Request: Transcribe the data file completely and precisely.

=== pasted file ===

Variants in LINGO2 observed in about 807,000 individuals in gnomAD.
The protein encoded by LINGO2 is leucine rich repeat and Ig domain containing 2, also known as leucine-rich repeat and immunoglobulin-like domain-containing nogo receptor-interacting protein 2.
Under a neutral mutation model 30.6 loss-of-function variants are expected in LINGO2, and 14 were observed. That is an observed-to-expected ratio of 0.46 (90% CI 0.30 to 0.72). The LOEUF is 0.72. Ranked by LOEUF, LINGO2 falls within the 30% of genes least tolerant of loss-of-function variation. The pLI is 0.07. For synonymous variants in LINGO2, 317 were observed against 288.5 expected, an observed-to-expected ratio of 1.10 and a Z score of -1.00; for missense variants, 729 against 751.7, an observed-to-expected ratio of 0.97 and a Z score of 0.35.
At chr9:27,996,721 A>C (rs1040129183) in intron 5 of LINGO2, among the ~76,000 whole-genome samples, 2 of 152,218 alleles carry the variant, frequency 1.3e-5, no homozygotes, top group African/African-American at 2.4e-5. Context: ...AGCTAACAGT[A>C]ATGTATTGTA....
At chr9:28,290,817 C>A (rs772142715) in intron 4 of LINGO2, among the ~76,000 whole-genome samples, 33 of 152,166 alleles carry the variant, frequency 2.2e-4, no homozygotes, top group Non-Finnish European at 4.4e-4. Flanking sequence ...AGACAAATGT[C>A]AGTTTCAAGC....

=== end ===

Variants in LINGO2 observed in about 807,000 individuals in gnomAD.
The protein encoded by LINGO2 is leucine rich repeat and Ig domain containing 2, also known as leucine-rich repeat and immunoglobulin-like domain-containing nogo receptor-interacting protein 2.
Under a neutral mutation model 30.6 loss-of-function variants are expected in LINGO2, and 14 were observed. That is an observed-to-expected ratio of 0.46 (90% CI 0.30 to 0.72). The LOEUF is 0.72. Ranked by LOEUF, LINGO2 falls within the 30% of genes least tolerant of loss-of-function variation. The pLI is 0.07. For synonymous variants in LINGO2, 317 were observed against 288.5 expected, an observed-to-expected ratio of 1.10 and a Z score of -1.00; for missense variants, 729 against 751.7, an observed-to-expected ratio of 0.97 and a Z score of 0.35.
At chr9:27,996,721 A>C (rs1040129183) in intron 5 of LINGO2, among the ~76,000 whole-genome samples, 2 of 152,218 alleles carry the variant, frequency 1.3e-5, no homozygotes, top group African/African-American at 2.4e-5. Context: ...AGCTAACAGT[A>C]ATGTATTGTA....
At chr9:28,290,817 C>A (rs772142715) in intron 4 of LINGO2, among the ~76,000 whole-genome samples, 33 of 152,166 alleles carry the variant, frequency 2.2e-4, no homozygotes, top group Non-Finnish European at 4.4e-4. Flanking sequence ...AGACAAATGT[C>A]AGTTTCAAGC....